Academy Award Nominations Are Announced Tuesday

Renee Montagne talks with reporter Kim Masters about some of the likely nominees when the Oscar nominations are announced later in Beverly Hills. Masters is editor-at-large for The Hollywood Reporter, and host of The Business on member station KCRW.

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RENEE MONTAGNE, HOST:

Roll out the red carpet. We'll soon know the movies with a shot at Oscar gold. Nominations for the Academy Awards will be announced this morning in Beverly Hills. Kim Masters has been watching the Oscar race as editor-at-large for the Hollywood Reporter, and she joined us from NPR West. Good morning.

KIM MASTERS, BYLINE: Good morning, Renee.

MONTAGNE: And Kim, let's start with the big one. Anywhere from five to 10 movies could be nominated for best picture, based on the new Academy voting rules, this year's rules. What are the favorites?

MASTERS: Well, the formidable frontrunner at this point looks like "The Artist," the mostly silent, black-and-white movie that has won a bunch of awards already. But you also have to factor in "The Descendants," which is about George Clooney as a dad trying to deal with a family tragedy in Hawaii, "The Help," of course, about the '60s in Jackson, Mississippi and the black help versus the white wives for whom they work.

"Hugo" could sneak in there, "Midnight in Paris," Woody Allen's movie. "Bridesmaids" might even get a nod. It's been picking up a lot of momentum in the early going. And who knows, maybe "Moneyball" or "War Horse" sneaks in there, too. It's a pretty broad range of films this year.

MONTAGNE: So let's move to the acting categories. You just mentioned "The Descendants" and George Clooney. Is this his year for Best Actor?

MASTERS: I think it may be. I think Brad Pitt is hoping that it isn't. But I think...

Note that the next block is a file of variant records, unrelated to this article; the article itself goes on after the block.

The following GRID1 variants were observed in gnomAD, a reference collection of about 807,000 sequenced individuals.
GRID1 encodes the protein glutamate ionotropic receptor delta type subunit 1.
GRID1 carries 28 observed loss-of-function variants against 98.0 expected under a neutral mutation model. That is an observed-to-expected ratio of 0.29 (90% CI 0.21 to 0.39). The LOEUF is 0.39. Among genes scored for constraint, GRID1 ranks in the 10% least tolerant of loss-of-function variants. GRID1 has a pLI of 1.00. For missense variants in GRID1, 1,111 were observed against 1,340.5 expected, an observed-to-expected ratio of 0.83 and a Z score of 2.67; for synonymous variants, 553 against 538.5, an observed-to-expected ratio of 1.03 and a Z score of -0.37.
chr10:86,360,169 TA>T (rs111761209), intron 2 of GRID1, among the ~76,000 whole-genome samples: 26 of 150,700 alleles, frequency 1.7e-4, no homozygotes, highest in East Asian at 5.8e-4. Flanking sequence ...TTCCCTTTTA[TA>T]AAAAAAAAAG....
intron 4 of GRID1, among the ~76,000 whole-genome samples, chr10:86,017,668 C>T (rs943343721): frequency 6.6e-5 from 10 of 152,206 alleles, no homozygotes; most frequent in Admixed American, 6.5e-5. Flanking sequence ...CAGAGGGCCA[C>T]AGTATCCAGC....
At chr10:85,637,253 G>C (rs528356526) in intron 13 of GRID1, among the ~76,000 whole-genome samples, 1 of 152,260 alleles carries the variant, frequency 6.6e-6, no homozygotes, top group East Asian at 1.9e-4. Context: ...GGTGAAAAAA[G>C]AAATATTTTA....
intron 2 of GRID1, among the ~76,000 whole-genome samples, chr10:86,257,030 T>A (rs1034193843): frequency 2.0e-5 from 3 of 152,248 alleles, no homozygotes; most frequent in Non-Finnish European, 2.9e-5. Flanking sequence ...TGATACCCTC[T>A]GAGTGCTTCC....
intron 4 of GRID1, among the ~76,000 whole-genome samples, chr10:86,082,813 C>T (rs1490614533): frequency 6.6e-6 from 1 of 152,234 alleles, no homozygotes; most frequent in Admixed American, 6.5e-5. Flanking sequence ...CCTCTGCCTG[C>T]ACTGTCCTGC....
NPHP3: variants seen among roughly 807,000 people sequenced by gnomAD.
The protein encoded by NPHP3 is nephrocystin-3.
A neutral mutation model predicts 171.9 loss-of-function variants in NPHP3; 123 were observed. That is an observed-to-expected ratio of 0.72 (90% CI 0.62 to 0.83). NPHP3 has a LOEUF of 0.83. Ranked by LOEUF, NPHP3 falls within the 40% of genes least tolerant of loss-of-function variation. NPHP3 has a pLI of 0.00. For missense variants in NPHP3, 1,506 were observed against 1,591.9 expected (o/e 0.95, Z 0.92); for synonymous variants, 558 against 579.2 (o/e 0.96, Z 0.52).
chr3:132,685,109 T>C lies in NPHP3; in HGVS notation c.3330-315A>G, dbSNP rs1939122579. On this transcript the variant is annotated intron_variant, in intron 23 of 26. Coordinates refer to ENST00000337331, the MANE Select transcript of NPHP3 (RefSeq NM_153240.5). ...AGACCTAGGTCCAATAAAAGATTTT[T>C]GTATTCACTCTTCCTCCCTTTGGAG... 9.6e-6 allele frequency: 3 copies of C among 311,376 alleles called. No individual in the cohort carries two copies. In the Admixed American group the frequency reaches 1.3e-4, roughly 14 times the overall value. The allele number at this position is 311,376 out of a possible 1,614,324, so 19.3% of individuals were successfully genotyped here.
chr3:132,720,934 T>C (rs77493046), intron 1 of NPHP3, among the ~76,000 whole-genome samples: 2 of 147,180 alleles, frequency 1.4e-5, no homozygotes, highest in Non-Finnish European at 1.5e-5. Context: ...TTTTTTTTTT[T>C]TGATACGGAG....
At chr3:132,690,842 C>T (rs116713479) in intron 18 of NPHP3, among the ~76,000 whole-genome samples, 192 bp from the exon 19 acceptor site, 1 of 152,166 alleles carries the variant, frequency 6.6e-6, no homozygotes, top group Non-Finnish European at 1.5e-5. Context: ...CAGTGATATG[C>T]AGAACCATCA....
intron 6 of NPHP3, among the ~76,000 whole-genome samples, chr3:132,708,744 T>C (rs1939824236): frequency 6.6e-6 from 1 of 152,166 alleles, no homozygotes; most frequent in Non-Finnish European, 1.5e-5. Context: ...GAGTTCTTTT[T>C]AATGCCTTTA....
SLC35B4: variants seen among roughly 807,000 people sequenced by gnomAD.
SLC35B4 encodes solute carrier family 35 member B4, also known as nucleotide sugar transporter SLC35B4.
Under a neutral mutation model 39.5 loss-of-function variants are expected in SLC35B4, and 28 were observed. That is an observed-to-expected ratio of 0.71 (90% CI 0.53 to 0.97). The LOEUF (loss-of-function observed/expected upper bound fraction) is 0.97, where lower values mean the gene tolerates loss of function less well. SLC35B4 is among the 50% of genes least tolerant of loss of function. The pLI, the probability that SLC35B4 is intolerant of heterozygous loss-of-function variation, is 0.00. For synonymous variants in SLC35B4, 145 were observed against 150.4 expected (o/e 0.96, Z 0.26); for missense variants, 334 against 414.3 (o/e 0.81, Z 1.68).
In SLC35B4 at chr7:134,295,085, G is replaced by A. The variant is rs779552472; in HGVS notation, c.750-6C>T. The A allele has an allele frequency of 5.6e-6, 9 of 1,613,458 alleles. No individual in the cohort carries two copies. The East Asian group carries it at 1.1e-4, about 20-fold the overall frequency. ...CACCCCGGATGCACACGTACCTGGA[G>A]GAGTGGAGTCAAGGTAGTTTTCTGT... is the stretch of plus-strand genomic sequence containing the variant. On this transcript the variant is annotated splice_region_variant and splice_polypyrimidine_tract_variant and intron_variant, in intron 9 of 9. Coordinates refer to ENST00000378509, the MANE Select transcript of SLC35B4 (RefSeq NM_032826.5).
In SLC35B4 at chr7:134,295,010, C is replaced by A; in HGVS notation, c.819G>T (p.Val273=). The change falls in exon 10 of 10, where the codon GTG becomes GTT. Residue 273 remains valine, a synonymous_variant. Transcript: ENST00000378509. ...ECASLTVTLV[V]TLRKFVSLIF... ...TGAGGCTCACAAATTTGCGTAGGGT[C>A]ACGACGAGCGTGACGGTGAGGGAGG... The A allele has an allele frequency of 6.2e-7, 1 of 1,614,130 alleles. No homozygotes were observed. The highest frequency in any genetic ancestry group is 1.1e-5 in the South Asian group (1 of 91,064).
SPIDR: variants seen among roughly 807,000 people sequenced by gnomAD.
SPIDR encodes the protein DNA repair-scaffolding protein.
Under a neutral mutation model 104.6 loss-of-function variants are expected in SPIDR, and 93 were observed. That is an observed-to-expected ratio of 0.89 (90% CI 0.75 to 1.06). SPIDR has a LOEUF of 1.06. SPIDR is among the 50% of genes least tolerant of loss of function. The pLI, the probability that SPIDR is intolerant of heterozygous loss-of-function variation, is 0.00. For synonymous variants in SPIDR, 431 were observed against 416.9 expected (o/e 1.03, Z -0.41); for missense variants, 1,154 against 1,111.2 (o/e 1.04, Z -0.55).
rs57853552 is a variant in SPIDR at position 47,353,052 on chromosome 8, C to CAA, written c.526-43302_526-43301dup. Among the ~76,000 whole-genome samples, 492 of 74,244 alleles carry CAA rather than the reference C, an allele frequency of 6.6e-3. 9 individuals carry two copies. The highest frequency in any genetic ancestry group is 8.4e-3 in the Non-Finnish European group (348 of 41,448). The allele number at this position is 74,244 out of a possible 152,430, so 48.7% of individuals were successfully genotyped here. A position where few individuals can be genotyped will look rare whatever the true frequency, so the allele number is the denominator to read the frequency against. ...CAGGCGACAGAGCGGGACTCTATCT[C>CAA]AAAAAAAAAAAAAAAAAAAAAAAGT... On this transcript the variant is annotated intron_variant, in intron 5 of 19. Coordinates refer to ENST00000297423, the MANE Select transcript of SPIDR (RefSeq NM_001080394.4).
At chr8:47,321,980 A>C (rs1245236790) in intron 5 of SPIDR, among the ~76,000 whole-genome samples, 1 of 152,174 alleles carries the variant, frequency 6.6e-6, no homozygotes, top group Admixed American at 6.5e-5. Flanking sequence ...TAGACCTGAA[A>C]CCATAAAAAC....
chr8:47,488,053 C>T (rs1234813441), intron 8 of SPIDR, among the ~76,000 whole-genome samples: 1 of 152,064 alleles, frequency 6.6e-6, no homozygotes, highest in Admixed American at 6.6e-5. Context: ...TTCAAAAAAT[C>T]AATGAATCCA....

MONTAGNE: Brad Pitt, of course, who stars in "Moneyball."

MASTERS: For "Moneyball."

MONTAGNE: Yeah.

MASTERS: But I think at this point, it's George versus Brad, the handsome men against each other.

(SOUNDBITE OF MOVIE, "THE DESCENDANTS")

GEORGE CLOONEY: (As Matt King) No, no, back inside - put on a swimsuit.

AMARA MILLER: (As Scottie King) Why?

CLOONEY: (As Matt King) Now.

SHAILENE WOODLEY: (As Alexandra King) Real good job you're doing.

CLOONEY: (As Matt King) That's part of why I brought you here. You have to help me with her. I don't know what to do with her.

(SOUNDBITE OF MOVIE, "MONEYBALL")

BRAD PITT: (As Billy Beane) The lineup card is definitely yours. I'm just saying you can't start Pena first.

PHILIP SEYMOUR HOFFMAN: (As Art Howe) Well, I am starting him at first.

PITT: (As Billy Beane) I don't think so. He plays for Detroit now.

MONTAGNE: OK. And best actress - in fact, let's take a moment here to hear two of the contenders.

(SOUNDBITE OF MOVIE, "THE IRON LADY")

MERYL STREEP: (As Margaret Thatcher) If the right honorable gentlemen could perhaps attend more closely to what I'm saying, rather than how I am saying it, he may receive a valuable education, in spite of himself.

(SOUNDBITE OF MOVIE, "MY WEEK WITH MARILYN")

UNIDENTIFIED MAN #1: (As a reporter) How do you like being married, Marilyn?

MICHELLE WILLIAMS: (As Marilyn Monroe) Well, I like it. I like it a lot.

UNIDENTIFIED MAN #1: (As a reporter) Is this third time lucky?

WILLIAMS: (As Marilyn Monroe) You bet it is.

UNIDENTIFIED MAN #2: (As a reporter) Is it true you want to be a classical actress now?

WILLIAMS: (As Marilyn Monroe) I want to be the best actress I can be.

UNIDENTIFIED MAN #2: (As a reporter) There's a rumor you're...

MONTAGNE: You've just heard Michelle Williams as Marilyn Monroe in "My Week with Marilyn," and before that Meryl Streep playing Margaret Thatcher in "The Iron Lady." What do you think? What about the two of them, and who else?

MASTERS: Well, I actually think Viola Davis from "The Help" would be really a kind of shoe-in this year, except for - you heard the accent, she's back - Meryl Streep, not that she ever went anywhere. She has not won an Oscar for nearly 30 years, and she does feel like the wind is behind her. But if not, I still think there's a shot that Viola Davis' performance, this very dignified performance, might win Academy backing this year.

MONTAGNE: There are so many categories. Leave us with what might turn out to be this year's sentimental moment at the Academy Awards.

MASTERS: Well, I think Christopher Plummer is likely to be honored in best supporting actor for his performance in "Beginners," as a man who lived his entire life in the closet and finally comes out in his sunset years. You know, I think - and one thing you can count on, Renee, in best original screenplay, if Woody Allen wins for "Midnight in Paris," he won't show up.

MONTAGNE: Kim, thanks very much.

MASTERS: Thank you, Renee.

MONTAGNE: Kim Masters is host of THE BUSINESS on member station KCRW.

(SOUNDBITE OF MUSIC)

MONTAGNE: This is NPR News.

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